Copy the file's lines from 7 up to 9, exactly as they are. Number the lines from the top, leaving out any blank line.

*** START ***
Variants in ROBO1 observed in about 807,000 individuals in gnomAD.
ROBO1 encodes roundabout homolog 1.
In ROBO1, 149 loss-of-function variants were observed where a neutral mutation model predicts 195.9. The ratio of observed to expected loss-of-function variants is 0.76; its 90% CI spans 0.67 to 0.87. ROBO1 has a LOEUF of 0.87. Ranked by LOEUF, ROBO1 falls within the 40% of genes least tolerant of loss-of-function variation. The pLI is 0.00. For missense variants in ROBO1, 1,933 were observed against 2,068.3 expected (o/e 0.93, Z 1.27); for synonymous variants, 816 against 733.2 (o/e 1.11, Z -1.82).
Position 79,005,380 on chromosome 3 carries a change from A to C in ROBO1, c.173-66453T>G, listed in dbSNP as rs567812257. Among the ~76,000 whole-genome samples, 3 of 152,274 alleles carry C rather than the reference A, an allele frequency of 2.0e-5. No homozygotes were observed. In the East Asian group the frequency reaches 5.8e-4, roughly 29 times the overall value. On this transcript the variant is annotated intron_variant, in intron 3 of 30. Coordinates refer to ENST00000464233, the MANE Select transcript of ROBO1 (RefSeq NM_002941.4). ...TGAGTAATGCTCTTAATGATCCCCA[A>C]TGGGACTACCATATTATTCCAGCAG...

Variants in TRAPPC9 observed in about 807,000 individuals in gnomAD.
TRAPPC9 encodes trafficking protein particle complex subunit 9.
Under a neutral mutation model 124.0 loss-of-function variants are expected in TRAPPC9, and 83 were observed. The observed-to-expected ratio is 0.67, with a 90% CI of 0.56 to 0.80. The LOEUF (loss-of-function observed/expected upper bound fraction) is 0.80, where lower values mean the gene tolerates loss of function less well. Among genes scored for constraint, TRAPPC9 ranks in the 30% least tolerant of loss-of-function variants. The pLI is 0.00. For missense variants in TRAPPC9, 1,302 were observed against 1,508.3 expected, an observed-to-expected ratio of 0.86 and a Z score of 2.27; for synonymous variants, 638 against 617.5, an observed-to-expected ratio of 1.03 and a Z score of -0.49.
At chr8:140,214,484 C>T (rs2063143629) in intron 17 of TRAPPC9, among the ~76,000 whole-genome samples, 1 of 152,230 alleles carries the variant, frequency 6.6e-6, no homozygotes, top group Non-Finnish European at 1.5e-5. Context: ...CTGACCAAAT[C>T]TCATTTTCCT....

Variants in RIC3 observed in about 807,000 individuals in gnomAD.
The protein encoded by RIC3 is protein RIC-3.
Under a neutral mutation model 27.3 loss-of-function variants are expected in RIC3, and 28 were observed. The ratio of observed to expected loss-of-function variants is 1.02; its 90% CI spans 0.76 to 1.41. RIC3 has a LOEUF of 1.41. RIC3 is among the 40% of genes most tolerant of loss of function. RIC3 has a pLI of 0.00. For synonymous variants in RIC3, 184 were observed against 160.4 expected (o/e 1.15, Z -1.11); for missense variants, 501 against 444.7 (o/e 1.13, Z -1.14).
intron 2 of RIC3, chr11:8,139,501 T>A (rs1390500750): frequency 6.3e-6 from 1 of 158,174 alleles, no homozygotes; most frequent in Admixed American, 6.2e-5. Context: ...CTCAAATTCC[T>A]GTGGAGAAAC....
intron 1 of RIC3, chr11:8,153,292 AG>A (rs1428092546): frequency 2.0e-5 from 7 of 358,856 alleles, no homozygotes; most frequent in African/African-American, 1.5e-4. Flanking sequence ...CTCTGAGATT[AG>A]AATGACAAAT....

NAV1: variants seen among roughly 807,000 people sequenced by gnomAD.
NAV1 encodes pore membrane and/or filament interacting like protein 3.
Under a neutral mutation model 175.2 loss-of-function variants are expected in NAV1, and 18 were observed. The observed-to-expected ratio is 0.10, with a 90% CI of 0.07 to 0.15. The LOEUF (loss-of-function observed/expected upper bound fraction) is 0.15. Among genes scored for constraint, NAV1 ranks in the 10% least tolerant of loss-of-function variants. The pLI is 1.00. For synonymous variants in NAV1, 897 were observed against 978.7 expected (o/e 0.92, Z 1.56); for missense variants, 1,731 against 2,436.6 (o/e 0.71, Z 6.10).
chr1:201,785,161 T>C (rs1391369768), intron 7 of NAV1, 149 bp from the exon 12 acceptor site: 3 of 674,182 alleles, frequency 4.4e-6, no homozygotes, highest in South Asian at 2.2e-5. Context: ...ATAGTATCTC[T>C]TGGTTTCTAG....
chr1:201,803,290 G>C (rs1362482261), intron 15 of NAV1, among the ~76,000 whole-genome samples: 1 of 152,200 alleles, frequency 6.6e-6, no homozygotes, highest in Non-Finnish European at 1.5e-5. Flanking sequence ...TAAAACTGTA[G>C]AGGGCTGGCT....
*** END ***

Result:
Under a neutral mutation model 124.0 loss-of-function variants are expected in TRAPPC9, and 83 were observed. The observed-to-expected ratio is 0.67, with a 90% CI of 0.56 to 0.80. The LOEUF (loss-of-function observed/expected upper bound fraction) is 0.80, where lower values mean the gene tolerates loss of function less well. Among genes scored for constraint, TRAPPC9 ranks in the 30% least tolerant of loss-of-function variants. The pLI is 0.00. For missense variants in TRAPPC9, 1,302 were observed against 1,508.3 expected, an observed-to-expected ratio of 0.86 and a Z score of 2.27; for synonymous variants, 638 against 617.5, an observed-to-expected ratio of 1.03 and a Z score of -0.49.
At chr8:140,214,484 C>T (rs2063143629) in intron 17 of TRAPPC9, among the ~76,000 whole-genome samples, 1 of 152,230 alleles carries the variant, frequency 6.6e-6, no homozygotes, top group Non-Finnish European at 1.5e-5. Context: ...CTGACCAAAT[C>T]TCATTTTCCT....

Variants in RIC3 observed in about 807,000 individuals in gnomAD.